Circle says its euro-backed stablecoin EUROC will adhere to US regulatory standards that apply to leading fintech and payments firms like PayPal and Square. Launched on June 30, EUROC is Circle’s second stablecoin. It falls more in line with the regulatory and security standards of the company’s dollar-backed USD Coin. Circle’s other products are related to DeFi.
Silvergate Bank, which is headquartered in the US, will be the initial custodian of the stablecoin. It will not be available to non-US customers until relevant licenses are obtained. A spokesperson for Circle said they will not directly solicit customers outside of the US until the token obtains relevant licenses in those jurisdictions.
Jonas Gross, head of digital assets and currencies at Etonec, said negative interest rates in Europe had been a significant reason why so few stablecoins are pegged to the euro. He pointed out that fiat-backed euro stablecoins used the funds collected from users to invest in government bonds. Interest rates for both variants have been negative for a long time. As such, it was unprofitable to issue a fiat-backed euro stablecoin. Now as interest rates increase, the business model behind stablecoins looks promising.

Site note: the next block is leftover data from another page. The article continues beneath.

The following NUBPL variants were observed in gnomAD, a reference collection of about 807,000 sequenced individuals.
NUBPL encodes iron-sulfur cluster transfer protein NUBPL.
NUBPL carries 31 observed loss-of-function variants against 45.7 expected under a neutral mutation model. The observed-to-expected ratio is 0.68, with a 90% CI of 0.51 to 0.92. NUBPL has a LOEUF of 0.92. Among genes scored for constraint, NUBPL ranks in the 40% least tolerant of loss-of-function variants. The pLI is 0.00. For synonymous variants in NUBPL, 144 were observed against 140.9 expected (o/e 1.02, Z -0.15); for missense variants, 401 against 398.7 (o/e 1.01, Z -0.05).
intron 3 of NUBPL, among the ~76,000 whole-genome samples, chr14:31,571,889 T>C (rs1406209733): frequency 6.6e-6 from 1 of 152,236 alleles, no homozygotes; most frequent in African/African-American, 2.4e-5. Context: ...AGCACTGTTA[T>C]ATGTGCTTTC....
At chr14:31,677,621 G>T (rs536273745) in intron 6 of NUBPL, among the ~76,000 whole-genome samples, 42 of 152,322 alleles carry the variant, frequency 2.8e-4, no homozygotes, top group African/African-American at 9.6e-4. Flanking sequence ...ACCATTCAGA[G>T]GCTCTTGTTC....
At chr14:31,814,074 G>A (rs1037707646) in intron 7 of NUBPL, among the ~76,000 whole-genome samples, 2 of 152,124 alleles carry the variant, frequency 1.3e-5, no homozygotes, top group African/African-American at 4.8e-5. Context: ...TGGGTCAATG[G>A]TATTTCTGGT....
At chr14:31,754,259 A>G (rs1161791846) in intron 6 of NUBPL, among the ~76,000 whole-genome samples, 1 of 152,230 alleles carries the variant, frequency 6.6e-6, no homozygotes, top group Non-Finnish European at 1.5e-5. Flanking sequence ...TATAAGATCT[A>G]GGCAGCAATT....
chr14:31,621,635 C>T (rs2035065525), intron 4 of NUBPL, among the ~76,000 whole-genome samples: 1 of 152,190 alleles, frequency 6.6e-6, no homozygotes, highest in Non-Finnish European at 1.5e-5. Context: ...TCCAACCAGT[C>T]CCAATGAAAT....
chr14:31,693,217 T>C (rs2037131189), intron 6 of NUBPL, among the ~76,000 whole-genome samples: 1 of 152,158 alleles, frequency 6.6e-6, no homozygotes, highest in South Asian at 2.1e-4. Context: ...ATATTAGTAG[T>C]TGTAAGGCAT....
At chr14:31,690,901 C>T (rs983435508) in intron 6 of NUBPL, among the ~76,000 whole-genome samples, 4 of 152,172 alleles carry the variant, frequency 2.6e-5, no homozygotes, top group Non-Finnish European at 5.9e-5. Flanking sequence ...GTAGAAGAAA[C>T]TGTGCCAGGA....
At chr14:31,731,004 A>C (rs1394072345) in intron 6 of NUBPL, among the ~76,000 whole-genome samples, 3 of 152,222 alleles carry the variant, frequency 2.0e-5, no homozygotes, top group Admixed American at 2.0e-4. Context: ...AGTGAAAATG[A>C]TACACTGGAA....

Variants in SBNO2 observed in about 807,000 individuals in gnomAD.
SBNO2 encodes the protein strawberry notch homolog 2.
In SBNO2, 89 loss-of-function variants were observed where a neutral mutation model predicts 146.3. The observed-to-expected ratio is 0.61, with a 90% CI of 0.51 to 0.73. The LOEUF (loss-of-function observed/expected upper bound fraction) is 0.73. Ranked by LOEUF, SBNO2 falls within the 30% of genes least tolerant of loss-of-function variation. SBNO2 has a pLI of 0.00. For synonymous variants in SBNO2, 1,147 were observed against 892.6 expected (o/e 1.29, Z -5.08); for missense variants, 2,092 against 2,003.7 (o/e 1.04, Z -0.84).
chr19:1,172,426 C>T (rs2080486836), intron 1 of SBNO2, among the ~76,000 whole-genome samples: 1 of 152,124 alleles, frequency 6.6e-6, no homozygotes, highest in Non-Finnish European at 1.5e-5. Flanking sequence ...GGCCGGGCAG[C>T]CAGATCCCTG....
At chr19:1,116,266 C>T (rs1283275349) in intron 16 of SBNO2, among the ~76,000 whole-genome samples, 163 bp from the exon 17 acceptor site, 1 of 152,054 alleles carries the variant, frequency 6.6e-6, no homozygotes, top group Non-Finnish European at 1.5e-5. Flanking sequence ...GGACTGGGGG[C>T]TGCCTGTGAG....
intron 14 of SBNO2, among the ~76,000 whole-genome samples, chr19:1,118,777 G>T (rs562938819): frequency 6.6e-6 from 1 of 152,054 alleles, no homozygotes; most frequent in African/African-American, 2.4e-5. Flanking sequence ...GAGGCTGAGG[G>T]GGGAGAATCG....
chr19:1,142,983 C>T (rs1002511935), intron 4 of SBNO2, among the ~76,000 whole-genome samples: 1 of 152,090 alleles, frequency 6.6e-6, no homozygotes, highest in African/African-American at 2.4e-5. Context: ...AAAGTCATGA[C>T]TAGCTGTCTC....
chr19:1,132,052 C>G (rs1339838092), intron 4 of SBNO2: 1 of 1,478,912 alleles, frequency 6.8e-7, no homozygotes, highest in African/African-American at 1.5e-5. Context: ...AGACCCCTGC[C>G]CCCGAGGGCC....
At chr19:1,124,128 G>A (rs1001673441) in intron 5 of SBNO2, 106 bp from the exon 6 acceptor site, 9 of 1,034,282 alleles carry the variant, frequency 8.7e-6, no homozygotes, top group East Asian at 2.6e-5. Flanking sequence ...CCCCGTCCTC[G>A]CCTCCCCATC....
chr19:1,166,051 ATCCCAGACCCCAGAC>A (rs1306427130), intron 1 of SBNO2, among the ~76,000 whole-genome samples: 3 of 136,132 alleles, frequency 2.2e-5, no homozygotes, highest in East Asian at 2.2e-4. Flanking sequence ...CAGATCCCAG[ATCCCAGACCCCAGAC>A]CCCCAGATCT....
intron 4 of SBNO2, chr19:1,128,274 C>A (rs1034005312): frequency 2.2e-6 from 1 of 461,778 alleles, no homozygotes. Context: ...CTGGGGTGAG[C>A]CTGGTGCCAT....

Maximilian Forster, co-founder and chief business officer at CashOnLedger, said that because of the regulatory uncertainty and the publication of MiCA in the EU, multiple companies and startups in Europe are hesitant to develop a stablecoin or euro-pegged stablecoin. EU regulators recently reached an agreement that stablecoins will be subject to operational and prudential rules.